The attorney for a Roanoke Rapids police officer suing the city of Roanoke Rapids, its police department and former chief filed a motion in United States Court to to dismiss the former chief in his official capacity.
Former Roanoke Rapids police Chief Chuck Hasty, now chief in Enfield, has already been dismissed in his individual capacity in the lawsuit filed on behalf of Daniel W. Jenkins. District Attorney Valerie Asbell has been dismissed as a defendant as well.
The notice filed today says, “Official capacity suits are tantamount to a claim against the government entity and should be dismissed as duplicative when the entity remains as a defendant.”
The notice also says, “As the government entity is a party to the suit, defendant Hasty in his official capacity should be dismissed as a defendant with prejudice.”
The attorney for Jenkins, Anthony J. Cuticchia Jr., said in the document he has consulted with counsel for the city and the city has indicated it takes no position on the matter. Hasty consents, the notice says, and has also requested that his name be removed from the header of the case.
The notice then asks Chief District Court Judge Richard E. Myers Jr. to grant the voluntary dismissal with prejudice.
Grant the voluntary dismissal of Charles “Chuck” Hasty with prejudice.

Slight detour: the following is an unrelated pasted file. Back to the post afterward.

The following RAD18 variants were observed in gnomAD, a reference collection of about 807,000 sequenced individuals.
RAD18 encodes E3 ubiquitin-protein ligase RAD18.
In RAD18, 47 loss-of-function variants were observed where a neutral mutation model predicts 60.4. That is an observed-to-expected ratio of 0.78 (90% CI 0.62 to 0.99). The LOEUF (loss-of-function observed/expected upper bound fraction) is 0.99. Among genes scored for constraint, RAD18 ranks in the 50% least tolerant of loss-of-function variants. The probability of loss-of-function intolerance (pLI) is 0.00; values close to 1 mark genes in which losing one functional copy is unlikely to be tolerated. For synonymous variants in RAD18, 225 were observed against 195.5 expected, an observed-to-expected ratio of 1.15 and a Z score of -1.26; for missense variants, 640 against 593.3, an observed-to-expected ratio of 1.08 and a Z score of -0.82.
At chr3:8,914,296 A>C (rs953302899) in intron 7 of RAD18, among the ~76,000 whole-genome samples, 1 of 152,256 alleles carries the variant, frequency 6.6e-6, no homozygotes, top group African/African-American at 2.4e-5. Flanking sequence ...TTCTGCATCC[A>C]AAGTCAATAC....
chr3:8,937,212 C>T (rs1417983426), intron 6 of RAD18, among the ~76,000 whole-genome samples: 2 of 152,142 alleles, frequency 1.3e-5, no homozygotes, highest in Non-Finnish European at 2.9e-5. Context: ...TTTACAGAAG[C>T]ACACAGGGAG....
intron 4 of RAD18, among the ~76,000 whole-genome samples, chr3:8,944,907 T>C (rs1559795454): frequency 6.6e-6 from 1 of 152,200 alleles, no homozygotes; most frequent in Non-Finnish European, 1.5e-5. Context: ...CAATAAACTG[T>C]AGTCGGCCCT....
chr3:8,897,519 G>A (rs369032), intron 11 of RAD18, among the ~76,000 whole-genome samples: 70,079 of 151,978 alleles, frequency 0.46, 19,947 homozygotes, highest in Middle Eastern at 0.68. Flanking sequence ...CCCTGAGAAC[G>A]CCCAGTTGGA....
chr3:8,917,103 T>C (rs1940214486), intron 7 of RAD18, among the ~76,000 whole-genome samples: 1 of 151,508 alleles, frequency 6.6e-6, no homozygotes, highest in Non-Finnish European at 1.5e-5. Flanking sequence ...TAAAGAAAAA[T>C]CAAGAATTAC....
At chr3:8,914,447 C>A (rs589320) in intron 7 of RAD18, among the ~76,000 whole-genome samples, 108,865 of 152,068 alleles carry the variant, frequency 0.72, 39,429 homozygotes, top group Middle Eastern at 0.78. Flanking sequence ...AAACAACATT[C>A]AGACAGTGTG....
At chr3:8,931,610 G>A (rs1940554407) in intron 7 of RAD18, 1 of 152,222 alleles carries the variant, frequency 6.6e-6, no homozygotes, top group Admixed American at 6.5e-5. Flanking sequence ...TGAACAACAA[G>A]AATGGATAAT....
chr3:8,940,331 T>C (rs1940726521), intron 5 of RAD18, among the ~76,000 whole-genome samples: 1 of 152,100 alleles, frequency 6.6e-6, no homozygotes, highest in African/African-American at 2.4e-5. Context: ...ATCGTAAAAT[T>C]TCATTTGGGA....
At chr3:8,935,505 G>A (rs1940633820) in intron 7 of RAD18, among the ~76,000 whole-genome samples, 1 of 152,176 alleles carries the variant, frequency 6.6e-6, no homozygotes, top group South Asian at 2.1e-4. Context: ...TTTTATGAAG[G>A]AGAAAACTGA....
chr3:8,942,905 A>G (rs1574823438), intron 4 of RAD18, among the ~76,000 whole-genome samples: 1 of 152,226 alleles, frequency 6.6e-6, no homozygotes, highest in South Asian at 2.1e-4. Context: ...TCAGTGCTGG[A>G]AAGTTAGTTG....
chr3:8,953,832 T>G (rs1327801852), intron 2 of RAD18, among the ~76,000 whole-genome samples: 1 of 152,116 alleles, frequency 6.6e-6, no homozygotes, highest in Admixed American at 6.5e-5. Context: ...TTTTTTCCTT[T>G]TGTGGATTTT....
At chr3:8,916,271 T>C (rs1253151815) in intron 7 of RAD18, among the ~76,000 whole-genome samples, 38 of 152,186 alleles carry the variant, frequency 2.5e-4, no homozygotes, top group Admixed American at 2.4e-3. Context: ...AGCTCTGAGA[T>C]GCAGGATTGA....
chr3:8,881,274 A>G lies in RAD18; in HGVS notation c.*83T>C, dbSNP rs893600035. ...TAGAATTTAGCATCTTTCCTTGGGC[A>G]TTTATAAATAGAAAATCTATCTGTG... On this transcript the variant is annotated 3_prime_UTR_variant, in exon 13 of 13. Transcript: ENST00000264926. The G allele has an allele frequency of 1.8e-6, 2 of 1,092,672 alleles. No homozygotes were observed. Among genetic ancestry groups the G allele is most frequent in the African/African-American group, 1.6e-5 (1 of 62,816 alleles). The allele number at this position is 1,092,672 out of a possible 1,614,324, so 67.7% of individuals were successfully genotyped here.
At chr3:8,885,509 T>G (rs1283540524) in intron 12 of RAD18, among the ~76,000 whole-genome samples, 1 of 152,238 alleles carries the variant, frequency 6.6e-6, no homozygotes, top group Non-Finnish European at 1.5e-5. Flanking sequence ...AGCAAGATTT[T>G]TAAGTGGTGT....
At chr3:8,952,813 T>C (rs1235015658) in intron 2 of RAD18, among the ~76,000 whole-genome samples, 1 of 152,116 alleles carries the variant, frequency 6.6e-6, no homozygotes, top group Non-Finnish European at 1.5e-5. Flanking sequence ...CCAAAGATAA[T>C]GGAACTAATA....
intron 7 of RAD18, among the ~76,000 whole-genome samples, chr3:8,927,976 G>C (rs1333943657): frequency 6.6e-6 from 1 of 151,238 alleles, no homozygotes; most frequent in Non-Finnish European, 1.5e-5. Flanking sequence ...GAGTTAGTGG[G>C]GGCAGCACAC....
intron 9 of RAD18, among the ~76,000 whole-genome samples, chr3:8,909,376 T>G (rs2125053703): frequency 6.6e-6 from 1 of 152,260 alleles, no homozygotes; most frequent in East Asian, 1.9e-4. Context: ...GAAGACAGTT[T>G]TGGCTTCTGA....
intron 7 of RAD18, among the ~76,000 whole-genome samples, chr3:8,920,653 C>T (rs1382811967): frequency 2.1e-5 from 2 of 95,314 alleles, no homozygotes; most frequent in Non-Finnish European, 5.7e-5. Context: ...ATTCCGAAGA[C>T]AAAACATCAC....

Hasty had no comment this afternoon.
The motion to dismiss Hasty in his official capacity comes after a separate motion was filed by Jenkins’ attorney Monday to dismiss claim 2 of the original complaint which alleges a civil conspiracy between Hasty and Asbell in the case.
According to a response filed in the case, “when plaintiff dismissed Hasty and Asbell from the lawsuit in their individual capacities, plaintiff in effect dismissed the civil conspiracy cause of action and certainly rendered it moot. The court should therefore dismiss the civil conspiracy claim in its entirety.”
As of this report the judge had not ruled on the motions.
The center of the lawsuit goes back to July 28 of 2018 when Jenkins was employed as a canine handler with the Roanoke Rapids Police Department and was called to the scene where a person was stopped for a tail light violation. The driver had a pistol which was within his immediate reach.
Jenkins was called to the scene when the driver asked for a supervisor and, according to the lawsuit, both he and the responding officer who made the traffic stop, after several times of demanding the person exit the vehicle, attempted to remove the individual.
The lawsuit claims after several attempts by the officers a decision was made to deploy the dog, which bit the driver’s ear causing minor injury.
The lawsuit says the next day former Roanoke Rapids Police Chief Chuck Hasty had an officer review the matter for excessive use of force. That officer’s opinion was that Jenkins’ actions showed no wrongdoing.
The lawsuit claims Hasty chose to ignore the finding and complete a second review.